…still not known. About two months ago, a few days after the initial raids conducted by Pennsylvania law enforcement officers on a small number of beer bars due to concerns over unregistered brands, I quickly put together a public records request designed to answer many of the questions raised by people both in and outside of the beer business regarding the whole affair. I frequently write FOIA and other information requests in my legal practice, so this didn’t require much additional effort. In its entirety, the request read as follows:
March 16, 2010
Open Records Law Officer
Bureau of Liquor Control Enforcement
3655 Vartan Way
Harrisburg, PA 17110
Dear Sir or Madam,
This is a request pursuant to the Pennsylvania Open Records Law. I am writing to request a copy of the complaint(s) or report(s) that lead to the investigation of the sale of unregistered beer brands that the Pennsylvania State Police Bureau of Liquor Code Enforcement undertook on March 4, 2010, at the Memphis Taproom, 2331 East Cumberland Street, Philadelphia, PA 19125, the Resurrection Ale House, 2425 Grays Ferry Avenue, Philadelphia, PA 19146, and Local 44, 4333 Spruce Street, Philadelphia, PA 19104. I would like to receive copies of the above requested records, do not request to inspect the records, and do not request certified copies of the records.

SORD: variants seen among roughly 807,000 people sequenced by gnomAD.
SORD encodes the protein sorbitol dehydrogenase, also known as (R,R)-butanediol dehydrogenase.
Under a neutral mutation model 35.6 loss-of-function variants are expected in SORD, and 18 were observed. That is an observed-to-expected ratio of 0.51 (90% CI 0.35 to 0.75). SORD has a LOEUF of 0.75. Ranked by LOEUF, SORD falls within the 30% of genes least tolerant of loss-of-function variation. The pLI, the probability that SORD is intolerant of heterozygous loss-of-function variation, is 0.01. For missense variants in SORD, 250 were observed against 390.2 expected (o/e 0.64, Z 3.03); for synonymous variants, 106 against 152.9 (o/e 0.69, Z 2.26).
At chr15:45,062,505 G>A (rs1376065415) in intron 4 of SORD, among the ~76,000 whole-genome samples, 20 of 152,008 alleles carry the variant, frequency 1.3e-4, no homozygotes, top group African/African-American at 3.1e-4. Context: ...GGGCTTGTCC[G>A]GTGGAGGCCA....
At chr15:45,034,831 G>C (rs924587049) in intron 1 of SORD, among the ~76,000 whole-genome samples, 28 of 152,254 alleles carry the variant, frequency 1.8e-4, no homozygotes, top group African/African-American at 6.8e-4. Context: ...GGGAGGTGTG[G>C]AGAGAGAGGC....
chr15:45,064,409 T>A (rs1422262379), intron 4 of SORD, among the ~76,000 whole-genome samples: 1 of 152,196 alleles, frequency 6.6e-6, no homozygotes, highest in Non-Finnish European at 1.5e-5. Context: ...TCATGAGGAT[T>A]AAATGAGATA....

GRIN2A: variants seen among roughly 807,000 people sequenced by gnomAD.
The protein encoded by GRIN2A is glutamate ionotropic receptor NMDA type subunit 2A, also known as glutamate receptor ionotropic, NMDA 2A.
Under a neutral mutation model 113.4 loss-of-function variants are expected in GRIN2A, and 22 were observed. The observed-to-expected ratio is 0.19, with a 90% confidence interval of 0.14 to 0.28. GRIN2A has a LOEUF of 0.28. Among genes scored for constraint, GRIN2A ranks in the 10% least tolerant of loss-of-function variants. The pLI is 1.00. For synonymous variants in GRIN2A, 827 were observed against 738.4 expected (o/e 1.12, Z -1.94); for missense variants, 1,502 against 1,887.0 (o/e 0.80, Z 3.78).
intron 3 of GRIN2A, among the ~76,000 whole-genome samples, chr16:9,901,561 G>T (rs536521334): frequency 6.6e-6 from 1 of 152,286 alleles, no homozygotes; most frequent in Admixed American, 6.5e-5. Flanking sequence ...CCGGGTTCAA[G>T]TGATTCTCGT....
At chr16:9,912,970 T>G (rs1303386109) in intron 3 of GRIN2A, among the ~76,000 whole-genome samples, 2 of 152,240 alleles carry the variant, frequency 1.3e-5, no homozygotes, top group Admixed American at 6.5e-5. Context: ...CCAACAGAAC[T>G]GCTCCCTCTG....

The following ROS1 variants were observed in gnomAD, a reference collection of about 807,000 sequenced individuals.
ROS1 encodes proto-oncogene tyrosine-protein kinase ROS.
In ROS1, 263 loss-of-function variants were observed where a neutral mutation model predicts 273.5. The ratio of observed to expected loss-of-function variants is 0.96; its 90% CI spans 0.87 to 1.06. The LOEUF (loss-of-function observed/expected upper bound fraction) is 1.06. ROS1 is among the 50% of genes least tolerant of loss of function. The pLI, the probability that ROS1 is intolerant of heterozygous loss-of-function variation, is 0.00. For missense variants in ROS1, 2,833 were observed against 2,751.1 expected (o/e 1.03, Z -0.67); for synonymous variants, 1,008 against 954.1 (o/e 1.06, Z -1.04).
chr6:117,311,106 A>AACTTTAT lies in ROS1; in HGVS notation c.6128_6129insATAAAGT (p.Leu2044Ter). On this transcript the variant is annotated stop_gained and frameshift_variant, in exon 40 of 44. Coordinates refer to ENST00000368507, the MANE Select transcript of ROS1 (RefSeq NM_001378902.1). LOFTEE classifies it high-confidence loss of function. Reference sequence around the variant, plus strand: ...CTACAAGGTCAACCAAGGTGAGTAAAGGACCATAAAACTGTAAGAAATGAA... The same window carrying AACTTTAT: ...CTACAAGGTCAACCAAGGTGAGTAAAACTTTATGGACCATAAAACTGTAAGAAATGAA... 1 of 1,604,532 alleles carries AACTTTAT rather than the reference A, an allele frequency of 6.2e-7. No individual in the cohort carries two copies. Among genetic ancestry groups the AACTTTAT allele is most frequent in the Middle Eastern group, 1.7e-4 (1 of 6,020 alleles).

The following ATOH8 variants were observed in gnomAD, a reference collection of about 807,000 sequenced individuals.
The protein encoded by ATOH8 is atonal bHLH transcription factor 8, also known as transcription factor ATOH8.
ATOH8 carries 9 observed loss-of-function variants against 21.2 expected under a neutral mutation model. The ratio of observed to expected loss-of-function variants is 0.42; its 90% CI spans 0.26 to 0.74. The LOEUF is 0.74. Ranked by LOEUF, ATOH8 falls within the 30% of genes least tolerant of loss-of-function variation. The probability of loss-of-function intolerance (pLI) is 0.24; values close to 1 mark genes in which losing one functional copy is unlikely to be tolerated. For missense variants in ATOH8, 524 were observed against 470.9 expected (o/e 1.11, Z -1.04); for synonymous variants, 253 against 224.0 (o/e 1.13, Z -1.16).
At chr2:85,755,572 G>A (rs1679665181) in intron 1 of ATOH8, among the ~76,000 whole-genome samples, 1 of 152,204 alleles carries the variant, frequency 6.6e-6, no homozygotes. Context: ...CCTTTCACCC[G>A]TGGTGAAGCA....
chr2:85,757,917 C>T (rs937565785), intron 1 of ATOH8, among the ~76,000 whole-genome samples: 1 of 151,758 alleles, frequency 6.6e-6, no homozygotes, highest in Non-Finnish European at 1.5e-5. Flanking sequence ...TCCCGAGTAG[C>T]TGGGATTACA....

I have also enclosed a copy of the Open Records Law request Form. Please do not hesitate to contact me with any questions.
As the initial one week deadline for the government’s response drew near, I received a standard response saying that the department required an additional period of time in which to respond. The second deadline occurred while I was away on a recent trip to Cambodia, Vietnam, and Germany, so I didn’t have the opportunity to post the government’s response until now. So here for your review, as an example of how government works, is the response I received from the Pennsylvania State Police regarding my inquiry.
As a government lawyer who has penned disclosure denial letters, I applaud. That is exactly correct and no doubt your observation “here for your review, as an example of how government works” meant to draw the readers attention to the detailed and succinct way in which the police responded. Prosecutorial privilege would logically protect an informant’s identity where that informant is not relied upon for evidence before trial or a hearing before a tribunal but it seems to be even clearly set out right the in RTKL.
Hey Alan. That was indeed my intention. I’m not sufficiently versed in PA open records law so I can’t comment on whether the denial is proper or not. I imagine it was but also believe that at some point after the administrative process has concluded, such a ground would not longer suffice to deny this request.
I’m quite verklempt. I don’t know if the privilege would fade as a well-placed informant is a very useful thing.